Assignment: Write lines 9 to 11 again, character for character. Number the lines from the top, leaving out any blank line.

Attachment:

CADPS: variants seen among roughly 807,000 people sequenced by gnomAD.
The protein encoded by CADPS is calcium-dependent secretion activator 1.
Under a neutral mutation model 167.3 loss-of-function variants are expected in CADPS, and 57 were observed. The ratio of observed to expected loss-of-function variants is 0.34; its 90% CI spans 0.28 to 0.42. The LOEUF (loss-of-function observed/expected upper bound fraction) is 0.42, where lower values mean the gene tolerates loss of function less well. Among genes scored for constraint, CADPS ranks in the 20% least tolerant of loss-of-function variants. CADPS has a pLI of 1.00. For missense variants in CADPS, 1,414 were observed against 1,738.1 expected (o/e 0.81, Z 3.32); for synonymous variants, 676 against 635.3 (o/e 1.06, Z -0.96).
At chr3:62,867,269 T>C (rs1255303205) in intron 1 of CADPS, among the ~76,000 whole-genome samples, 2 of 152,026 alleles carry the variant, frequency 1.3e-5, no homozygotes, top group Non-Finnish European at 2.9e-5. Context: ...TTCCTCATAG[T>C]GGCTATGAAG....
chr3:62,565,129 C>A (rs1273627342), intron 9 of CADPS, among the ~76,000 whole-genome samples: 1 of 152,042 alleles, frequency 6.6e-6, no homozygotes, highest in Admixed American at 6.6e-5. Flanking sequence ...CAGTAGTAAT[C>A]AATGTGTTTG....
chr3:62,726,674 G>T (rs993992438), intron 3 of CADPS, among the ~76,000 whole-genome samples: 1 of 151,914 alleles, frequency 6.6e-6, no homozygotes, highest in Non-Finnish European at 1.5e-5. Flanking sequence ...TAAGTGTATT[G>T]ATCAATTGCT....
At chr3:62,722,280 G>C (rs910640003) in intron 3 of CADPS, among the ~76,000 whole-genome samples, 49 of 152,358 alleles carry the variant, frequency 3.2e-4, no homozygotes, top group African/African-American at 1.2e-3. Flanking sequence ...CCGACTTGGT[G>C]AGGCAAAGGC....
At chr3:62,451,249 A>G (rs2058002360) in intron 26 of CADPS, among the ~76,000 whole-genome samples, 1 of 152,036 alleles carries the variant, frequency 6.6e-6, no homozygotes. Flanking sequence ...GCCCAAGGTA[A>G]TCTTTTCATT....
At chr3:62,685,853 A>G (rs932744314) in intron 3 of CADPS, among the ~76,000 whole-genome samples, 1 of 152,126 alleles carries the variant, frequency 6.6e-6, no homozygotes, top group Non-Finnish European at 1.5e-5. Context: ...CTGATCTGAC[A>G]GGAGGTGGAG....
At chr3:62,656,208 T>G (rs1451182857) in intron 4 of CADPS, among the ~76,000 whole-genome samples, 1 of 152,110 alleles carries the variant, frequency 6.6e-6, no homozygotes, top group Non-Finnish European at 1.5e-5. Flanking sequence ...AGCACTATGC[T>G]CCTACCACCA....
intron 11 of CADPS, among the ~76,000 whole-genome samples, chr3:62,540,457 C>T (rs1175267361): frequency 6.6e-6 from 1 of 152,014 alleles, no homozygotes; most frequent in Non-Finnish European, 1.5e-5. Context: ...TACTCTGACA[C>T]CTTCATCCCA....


At chr3:62,685,853 A>G (rs932744314) in intron 3 of CADPS, among the ~76,000 whole-genome samples, 1 of 152,126 alleles carries the variant, frequency 6.6e-6, no homozygotes, top group Non-Finnish European at 1.5e-5. Context: ...CTGATCTGAC[A>G]GGAGGTGGAG....
At chr3:62,656,208 T>G (rs1451182857) in intron 4 of CADPS, among the ~76,000 whole-genome samples, 1 of 152,110 alleles carries the variant, frequency 6.6e-6, no homozygotes, top group Non-Finnish European at 1.5e-5. Flanking sequence ...AGCACTATGC[T>G]CCTACCACCA....
intron 11 of CADPS, among the ~76,000 whole-genome samples, chr3:62,540,457 C>T (rs1175267361): frequency 6.6e-6 from 1 of 152,014 alleles, no homozygotes; most frequent in Non-Finnish European, 1.5e-5. Context: ...TACTCTGACA[C>T]CTTCATCCCA....